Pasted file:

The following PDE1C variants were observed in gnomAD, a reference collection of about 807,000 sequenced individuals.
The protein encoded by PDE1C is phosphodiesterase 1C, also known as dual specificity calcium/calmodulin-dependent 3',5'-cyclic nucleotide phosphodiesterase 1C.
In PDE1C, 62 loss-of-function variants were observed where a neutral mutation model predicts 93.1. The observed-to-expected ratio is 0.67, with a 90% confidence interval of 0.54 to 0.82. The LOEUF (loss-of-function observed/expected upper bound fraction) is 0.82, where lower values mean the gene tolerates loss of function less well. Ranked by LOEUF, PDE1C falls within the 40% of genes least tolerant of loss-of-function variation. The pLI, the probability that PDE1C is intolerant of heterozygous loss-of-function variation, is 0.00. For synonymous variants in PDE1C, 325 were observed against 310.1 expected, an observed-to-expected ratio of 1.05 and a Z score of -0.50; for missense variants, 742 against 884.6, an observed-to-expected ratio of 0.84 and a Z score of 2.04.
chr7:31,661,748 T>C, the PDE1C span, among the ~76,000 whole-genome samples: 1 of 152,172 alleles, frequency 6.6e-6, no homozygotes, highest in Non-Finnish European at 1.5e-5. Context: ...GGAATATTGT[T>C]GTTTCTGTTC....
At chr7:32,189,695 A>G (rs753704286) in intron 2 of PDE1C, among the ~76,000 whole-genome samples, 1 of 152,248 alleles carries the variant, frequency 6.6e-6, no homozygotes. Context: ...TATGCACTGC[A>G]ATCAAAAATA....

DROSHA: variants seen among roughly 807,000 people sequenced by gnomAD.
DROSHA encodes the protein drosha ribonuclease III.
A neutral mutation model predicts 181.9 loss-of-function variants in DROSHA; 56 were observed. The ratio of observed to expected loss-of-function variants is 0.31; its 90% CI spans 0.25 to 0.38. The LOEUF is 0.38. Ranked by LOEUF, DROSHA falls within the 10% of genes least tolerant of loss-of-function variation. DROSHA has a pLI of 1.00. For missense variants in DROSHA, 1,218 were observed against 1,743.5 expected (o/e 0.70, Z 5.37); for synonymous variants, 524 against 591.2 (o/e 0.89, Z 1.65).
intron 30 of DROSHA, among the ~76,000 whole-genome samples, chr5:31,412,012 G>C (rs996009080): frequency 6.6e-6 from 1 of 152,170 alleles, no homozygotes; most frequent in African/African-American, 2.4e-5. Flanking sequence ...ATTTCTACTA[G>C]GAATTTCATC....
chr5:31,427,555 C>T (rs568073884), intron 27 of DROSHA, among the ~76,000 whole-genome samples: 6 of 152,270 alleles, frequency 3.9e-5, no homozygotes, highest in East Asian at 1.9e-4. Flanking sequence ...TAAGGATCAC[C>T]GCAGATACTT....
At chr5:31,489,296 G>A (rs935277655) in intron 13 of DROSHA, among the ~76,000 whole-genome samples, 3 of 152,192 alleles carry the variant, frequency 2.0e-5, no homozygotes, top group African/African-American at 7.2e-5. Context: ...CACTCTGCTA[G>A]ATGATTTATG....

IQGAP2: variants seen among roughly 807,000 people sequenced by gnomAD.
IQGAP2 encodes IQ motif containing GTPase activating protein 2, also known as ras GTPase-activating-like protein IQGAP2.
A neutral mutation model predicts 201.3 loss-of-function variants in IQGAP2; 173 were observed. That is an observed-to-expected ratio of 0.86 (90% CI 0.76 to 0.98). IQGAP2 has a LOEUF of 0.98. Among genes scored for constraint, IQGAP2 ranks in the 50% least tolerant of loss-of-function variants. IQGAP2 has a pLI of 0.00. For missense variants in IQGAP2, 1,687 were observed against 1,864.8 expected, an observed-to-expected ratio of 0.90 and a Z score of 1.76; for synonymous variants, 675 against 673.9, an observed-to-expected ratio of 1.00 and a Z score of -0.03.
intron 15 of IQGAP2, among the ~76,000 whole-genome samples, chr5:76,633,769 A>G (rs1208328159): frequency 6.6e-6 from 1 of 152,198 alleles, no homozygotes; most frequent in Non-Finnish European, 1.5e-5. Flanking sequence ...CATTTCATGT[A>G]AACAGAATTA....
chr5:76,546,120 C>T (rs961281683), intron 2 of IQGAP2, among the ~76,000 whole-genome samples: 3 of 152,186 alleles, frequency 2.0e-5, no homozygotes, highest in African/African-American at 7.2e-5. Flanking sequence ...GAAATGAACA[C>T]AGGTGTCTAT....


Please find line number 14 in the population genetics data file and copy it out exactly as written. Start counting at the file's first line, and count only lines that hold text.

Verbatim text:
A neutral mutation model predicts 201.3 loss-of-function variants in IQGAP2; 173 were observed. That is an observed-to-expected ratio of 0.86 (90% CI 0.76 to 0.98). IQGAP2 has a LOEUF of 0.98. Among genes scored for constraint, IQGAP2 ranks in the 50% least tolerant of loss-of-function variants. IQGAP2 has a pLI of 0.00. For missense variants in IQGAP2, 1,687 were observed against 1,864.8 expected, an observed-to-expected ratio of 0.90 and a Z score of 1.76; for synonymous variants, 675 against 673.9, an observed-to-expected ratio of 1.00 and a Z score of -0.03.